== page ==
Decisive Moment


"Actually, I am not at all interested in the photograph itself. The only thing I want is to capture a fraction of a second of realtiy." - Henri Cartier-Bresson
Henri Cartier-Bresson, Untitled, Madrid, Spain, 1933.











"To me, photography is the simultaneous recognition, in a fraction of a second, of the significance of an event." - Henri Cartier Bresson
The Decisive Moment = that instant when the formal spatial relationships of the subjects reveal their essential meaning
  • The moment that expresses the essence of a situation
  • The instant that real life becomes artful
Henri Cartier-Bresson, Behind the Gare St. Lazare, Paris, 1932.











previsualiztion = ability to see one's finished print before exposure


Edward Weston, Nude, 1926.
Edward Weston, Cabbage Leaf, 1931.











Banana Plant

Imogen Cunningham, Banana Plant, c. 1929.











Imogen Cunningham, Two Calle, 1929.
Imogen Cunningham, Frida Kahlo, 1931.











Ansel Adams, Thunderstorm, Yosemite, 1945.





















Weston with view camera, 1937

view from a view camera
View camera












Group f/64 approach:
  • Sought greatest depth of field with smallest lens aperture
  • Sharp focus
  • Close-up views
  • Large-view format camera
  • Contact prints instead of enlarging
Ansel Adams, Rose on Driftwood, 1933.











Edward Weston, Excusado, 1925.


Weston described this photo as revealing "the very substance and quintessence of the thing itself"











Edward Weston, Nude, 1936.










"I could wait no longer to print them - my new peppers, so I put aside several orders, and yesterday afternoon had an exciting time with seven new negatives.

First I printed my favorite, the one made last Saturday, just as the light was failing - quickly made, but with a week's previous effort back of my immediate, unhesitating decision. A week?  Yes, on this certain pepper, but twenty-eight years of effort, starting with a youth on a farm in Michigan, armed with a no. 2 Bull's Eye [Kodak] have gone into the making of this pepper, which I consider a peak of acheivement.

It is a classic, completely satisfying - a pepper - but more than a pepper: abstract, in that it is completely outside subject matter... this new pepper takes one beyond the world we know in the conscious mind."

- Edward Weston from his Daybook 1930

Edward Weston, Pepper #30, 1930.










Zone System = aide for determining correct exposure and development times
11 different zones
Zone O = maximum black
Zone X = pure white
Imogen Cunningham, The Unmade Bed, 1957.











Ansel Adams, Grand Canyon from South Rim, 1941.











Ansel Adams, Snow Covered Mountains, 1940s.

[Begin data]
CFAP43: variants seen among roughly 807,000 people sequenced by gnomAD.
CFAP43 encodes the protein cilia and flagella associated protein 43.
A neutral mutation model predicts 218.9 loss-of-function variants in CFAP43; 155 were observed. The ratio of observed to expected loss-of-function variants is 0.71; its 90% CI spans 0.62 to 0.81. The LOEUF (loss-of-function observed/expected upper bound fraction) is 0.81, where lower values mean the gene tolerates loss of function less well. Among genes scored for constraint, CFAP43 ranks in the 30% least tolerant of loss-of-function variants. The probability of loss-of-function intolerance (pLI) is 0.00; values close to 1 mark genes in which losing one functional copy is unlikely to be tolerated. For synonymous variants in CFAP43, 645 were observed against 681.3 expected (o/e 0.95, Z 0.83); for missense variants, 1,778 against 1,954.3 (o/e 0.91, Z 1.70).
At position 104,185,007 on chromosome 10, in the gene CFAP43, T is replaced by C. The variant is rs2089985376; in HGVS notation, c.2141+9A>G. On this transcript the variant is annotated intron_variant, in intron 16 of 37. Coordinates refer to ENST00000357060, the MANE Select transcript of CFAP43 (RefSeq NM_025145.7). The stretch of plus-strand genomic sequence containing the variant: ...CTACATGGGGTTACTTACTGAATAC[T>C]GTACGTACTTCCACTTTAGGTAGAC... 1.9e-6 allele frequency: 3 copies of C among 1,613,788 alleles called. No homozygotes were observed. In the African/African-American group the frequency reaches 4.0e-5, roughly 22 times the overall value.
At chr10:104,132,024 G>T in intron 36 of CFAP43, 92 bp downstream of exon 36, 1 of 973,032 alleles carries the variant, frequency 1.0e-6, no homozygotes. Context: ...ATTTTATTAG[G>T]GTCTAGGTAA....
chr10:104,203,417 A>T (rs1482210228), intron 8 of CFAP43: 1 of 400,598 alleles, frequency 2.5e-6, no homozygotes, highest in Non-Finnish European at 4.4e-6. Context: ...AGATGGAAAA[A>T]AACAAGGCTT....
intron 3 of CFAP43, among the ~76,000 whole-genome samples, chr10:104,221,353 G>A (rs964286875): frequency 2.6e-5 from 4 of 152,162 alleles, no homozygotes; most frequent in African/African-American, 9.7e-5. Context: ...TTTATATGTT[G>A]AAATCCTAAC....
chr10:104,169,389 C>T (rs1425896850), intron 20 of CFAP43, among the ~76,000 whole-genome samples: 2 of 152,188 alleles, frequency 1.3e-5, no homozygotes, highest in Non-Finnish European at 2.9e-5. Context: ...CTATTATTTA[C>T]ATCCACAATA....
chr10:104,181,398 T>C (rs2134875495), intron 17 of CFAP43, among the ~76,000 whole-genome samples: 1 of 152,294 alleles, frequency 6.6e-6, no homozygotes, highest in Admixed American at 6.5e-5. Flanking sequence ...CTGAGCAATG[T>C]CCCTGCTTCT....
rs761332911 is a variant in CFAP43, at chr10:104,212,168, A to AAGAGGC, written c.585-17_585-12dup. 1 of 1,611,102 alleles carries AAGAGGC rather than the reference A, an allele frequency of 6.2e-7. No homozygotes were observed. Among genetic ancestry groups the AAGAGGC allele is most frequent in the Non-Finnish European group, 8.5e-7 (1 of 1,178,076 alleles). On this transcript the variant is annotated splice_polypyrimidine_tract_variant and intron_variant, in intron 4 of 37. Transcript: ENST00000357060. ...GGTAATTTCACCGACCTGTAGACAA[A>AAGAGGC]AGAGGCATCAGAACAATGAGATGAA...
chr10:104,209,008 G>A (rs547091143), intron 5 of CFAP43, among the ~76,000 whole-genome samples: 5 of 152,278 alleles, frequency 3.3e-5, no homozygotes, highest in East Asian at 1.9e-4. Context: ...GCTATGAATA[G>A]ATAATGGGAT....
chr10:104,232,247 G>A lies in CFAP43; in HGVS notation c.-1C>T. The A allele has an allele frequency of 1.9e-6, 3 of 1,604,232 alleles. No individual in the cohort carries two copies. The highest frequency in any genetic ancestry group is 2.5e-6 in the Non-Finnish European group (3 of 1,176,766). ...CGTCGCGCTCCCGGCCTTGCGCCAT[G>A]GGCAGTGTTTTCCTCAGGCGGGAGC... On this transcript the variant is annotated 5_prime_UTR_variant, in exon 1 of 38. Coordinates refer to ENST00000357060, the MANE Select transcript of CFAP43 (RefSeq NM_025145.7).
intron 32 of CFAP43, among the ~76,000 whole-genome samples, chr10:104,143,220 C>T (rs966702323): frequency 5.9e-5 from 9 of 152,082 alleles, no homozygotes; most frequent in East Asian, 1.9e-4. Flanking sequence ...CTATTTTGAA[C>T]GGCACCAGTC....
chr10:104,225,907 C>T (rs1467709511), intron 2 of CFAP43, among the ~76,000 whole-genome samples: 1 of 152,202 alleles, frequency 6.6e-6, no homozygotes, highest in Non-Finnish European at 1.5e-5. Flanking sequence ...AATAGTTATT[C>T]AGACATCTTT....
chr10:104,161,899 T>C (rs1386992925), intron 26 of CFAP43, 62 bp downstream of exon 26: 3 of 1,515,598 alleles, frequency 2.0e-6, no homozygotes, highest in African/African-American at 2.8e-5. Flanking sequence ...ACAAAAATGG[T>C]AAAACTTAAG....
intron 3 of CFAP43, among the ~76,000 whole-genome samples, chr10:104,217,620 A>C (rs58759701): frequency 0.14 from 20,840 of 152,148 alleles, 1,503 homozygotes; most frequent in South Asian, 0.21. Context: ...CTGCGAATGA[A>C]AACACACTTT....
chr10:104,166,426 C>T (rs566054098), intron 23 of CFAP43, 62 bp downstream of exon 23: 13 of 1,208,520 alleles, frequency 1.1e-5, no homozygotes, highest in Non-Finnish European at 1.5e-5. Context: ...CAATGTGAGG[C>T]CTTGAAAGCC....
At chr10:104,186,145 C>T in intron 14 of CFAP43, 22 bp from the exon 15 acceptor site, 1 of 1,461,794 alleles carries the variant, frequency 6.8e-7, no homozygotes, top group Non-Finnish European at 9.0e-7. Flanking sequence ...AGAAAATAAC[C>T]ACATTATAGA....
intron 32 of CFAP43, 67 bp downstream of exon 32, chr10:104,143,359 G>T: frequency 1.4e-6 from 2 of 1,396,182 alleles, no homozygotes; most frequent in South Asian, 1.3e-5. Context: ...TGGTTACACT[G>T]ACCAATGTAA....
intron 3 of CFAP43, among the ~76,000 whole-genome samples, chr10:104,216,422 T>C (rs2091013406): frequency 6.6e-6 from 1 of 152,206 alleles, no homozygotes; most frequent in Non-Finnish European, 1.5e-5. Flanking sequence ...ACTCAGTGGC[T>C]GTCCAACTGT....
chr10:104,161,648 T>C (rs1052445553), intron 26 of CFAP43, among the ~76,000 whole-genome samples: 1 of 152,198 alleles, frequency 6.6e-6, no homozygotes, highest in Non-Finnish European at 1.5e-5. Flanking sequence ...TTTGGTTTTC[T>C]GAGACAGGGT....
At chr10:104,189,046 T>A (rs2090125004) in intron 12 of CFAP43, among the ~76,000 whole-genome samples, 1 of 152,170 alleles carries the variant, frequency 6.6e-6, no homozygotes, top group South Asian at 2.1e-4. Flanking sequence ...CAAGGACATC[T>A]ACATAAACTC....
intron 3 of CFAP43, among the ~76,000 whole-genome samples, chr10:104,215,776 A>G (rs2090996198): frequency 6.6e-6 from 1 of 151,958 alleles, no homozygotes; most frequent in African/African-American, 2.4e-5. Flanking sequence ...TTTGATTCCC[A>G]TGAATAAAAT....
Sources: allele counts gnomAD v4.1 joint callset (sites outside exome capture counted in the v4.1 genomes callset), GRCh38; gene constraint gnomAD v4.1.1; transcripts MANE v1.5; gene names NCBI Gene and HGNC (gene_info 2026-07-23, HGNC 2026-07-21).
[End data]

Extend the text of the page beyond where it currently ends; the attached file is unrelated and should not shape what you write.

Life Magazine
1936 - 2007

Life Magazine- first cover

Wanted to publish new magazine that would:
  • Tell newsworthy stories
  • Promote mainstream American values
  • Was a pleasure to look at
  • Eloquently combined pictures and text to convey its messages
Margaret Bourke-White, Fort Peck Dam, Montana, First issue of Life magazine, November 23, 1936.










Margaret Bourke-White, Fort Peck Dam, Montana, 1936.
Margaret Bourke-White, Niagra Falls Power Company, 1928.











Life Magazine aimed to humanize politics through photography
  • Vivid images that spontaneously captured poignant moments
  • Large-size format
  • Printed on coated stock for a glossy sheen











Luce's concept: "Pictures and words would be partners… The camera would act as interpreter, recording what modern industrial civilization is, how it looks, how it meshes."
- Margaret Bourke W

Life magazine layout for the photo essay, Nurse Midwife, 1951.











Photojournalism = particular form of journalism that creates images in order to tell a news story

Oscar Graubner, Margaret Bourke-White atop the Chrysler Building, c. 1930.
Margaret Bourke-White, Chrysler Building, 1931.











Margaret Bourke-White, Louisville Flood Victims, 1937.











Margaret Bourke-White, Self-Portrait, 1943.











Margaret Bourke-White, Buchenwald, 1945.











Henri Cartier-Bresson, Dessau, Gestapo Informer, 1945.









Gordon Parks, Ella Watson (American Gothic), 1942.











American Gothic

Grant Wood, American Gothic, 1930.











Gordon Parks, Ella Watson and her Grandchildren, 1942.











“I saw that the camera could be a weapon against poverty, against racism, against all sorts of social wrongs.
I knew at that point I had to have a camera.” Gordon Parks
Gordon Parks, Malcolm X, 1963.

Gordon Parks, Harlem Gang Leader, 1948.











Gordon Parks, Drugstore Cowboys, 1955.










Harold E. Edgerton, Milk Coronet, 1936.


1/1,000,000 of a second











Harold E. Edgerton, Tennis Player, 1938.










Harold E. Edgerton, Antique Gun Firing, 1936.











Stroboscopic Photography

  • Replaced shutters of ordinary cameras with electrical illumination:
  • Camera shutter always open in completely dark room
  • Exposure made when quick flash exposed negative
Harold Edgerton, Card being shot, 1964.











Harold E. Edgerton, Fanning Cards, 1940.











Harold E. Edgerton, Atomic bomb detonation near Joshua tree, 7 miles from ground zero.


Edgerton's Rapatronic camera










Photographer Unknown, US Marines Holding Mushroom Cloud, 1952.











Weegee, Onlookers, 1936.











Weegee, Coney Island Crowd, 1940.











Weegee, Drunks, c. 1940.











Weegee, The Critic (Opening Night at the Opera), 1943.





















Weegee, Movie Theatre Kiss, c. 1940. Infrared film.